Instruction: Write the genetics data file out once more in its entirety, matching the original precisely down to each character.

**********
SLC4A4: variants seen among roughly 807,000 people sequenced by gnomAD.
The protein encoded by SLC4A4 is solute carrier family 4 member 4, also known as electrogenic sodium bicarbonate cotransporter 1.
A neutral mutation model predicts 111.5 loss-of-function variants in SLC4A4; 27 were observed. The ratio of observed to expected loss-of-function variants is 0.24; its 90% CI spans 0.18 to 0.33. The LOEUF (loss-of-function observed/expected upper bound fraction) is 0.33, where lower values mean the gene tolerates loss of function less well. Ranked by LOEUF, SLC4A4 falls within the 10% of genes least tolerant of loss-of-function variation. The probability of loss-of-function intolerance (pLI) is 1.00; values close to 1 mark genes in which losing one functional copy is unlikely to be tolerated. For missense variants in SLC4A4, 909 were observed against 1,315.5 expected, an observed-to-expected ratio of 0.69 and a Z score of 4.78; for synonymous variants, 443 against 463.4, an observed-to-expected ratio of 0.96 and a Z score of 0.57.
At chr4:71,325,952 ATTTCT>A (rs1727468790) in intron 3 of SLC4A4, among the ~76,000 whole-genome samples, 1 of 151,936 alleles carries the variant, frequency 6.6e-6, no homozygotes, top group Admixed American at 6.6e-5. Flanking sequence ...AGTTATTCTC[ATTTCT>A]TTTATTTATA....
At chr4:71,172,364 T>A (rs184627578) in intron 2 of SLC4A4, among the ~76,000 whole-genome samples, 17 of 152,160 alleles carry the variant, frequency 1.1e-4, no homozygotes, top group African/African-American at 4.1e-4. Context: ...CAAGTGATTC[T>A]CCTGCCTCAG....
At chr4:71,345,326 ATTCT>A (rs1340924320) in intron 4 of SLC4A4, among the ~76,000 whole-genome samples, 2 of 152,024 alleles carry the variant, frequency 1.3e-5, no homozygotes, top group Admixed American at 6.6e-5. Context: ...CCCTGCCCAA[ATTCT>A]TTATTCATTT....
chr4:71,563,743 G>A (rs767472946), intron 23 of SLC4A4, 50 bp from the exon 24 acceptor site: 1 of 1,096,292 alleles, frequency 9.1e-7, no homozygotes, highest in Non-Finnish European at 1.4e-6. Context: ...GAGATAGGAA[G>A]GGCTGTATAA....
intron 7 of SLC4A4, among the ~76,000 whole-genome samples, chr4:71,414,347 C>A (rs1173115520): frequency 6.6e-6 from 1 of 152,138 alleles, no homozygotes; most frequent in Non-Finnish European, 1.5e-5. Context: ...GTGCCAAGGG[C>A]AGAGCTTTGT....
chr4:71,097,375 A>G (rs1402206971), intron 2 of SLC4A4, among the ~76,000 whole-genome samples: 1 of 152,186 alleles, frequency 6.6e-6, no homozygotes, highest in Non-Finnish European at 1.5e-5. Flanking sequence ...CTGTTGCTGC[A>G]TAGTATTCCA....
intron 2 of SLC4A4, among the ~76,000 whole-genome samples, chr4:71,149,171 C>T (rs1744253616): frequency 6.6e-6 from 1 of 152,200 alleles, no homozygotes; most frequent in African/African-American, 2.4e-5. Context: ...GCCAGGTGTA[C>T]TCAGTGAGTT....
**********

SLC4A4: variants seen among roughly 807,000 people sequenced by gnomAD.
The protein encoded by SLC4A4 is solute carrier family 4 member 4, also known as electrogenic sodium bicarbonate cotransporter 1.
A neutral mutation model predicts 111.5 loss-of-function variants in SLC4A4; 27 were observed. The ratio of observed to expected loss-of-function variants is 0.24; its 90% CI spans 0.18 to 0.33. The LOEUF (loss-of-function observed/expected upper bound fraction) is 0.33, where lower values mean the gene tolerates loss of function less well. Ranked by LOEUF, SLC4A4 falls within the 10% of genes least tolerant of loss-of-function variation. The probability of loss-of-function intolerance (pLI) is 1.00; values close to 1 mark genes in which losing one functional copy is unlikely to be tolerated. For missense variants in SLC4A4, 909 were observed against 1,315.5 expected, an observed-to-expected ratio of 0.69 and a Z score of 4.78; for synonymous variants, 443 against 463.4, an observed-to-expected ratio of 0.96 and a Z score of 0.57.
At chr4:71,325,952 ATTTCT>A (rs1727468790) in intron 3 of SLC4A4, among the ~76,000 whole-genome samples, 1 of 151,936 alleles carries the variant, frequency 6.6e-6, no homozygotes, top group Admixed American at 6.6e-5. Flanking sequence ...AGTTATTCTC[ATTTCT>A]TTTATTTATA....
At chr4:71,172,364 T>A (rs184627578) in intron 2 of SLC4A4, among the ~76,000 whole-genome samples, 17 of 152,160 alleles carry the variant, frequency 1.1e-4, no homozygotes, top group African/African-American at 4.1e-4. Context: ...CAAGTGATTC[T>A]CCTGCCTCAG....
At chr4:71,345,326 ATTCT>A (rs1340924320) in intron 4 of SLC4A4, among the ~76,000 whole-genome samples, 2 of 152,024 alleles carry the variant, frequency 1.3e-5, no homozygotes, top group Admixed American at 6.6e-5. Context: ...CCCTGCCCAA[ATTCT>A]TTATTCATTT....
chr4:71,563,743 G>A (rs767472946), intron 23 of SLC4A4, 50 bp from the exon 24 acceptor site: 1 of 1,096,292 alleles, frequency 9.1e-7, no homozygotes, highest in Non-Finnish European at 1.4e-6. Context: ...GAGATAGGAA[G>A]GGCTGTATAA....
intron 7 of SLC4A4, among the ~76,000 whole-genome samples, chr4:71,414,347 C>A (rs1173115520): frequency 6.6e-6 from 1 of 152,138 alleles, no homozygotes; most frequent in Non-Finnish European, 1.5e-5. Context: ...GTGCCAAGGG[C>A]AGAGCTTTGT....
chr4:71,097,375 A>G (rs1402206971), intron 2 of SLC4A4, among the ~76,000 whole-genome samples: 1 of 152,186 alleles, frequency 6.6e-6, no homozygotes, highest in Non-Finnish European at 1.5e-5. Flanking sequence ...CTGTTGCTGC[A>G]TAGTATTCCA....
intron 2 of SLC4A4, among the ~76,000 whole-genome samples, chr4:71,149,171 C>T (rs1744253616): frequency 6.6e-6 from 1 of 152,200 alleles, no homozygotes; most frequent in African/African-American, 2.4e-5. Context: ...GCCAGGTGTA[C>T]TCAGTGAGTT....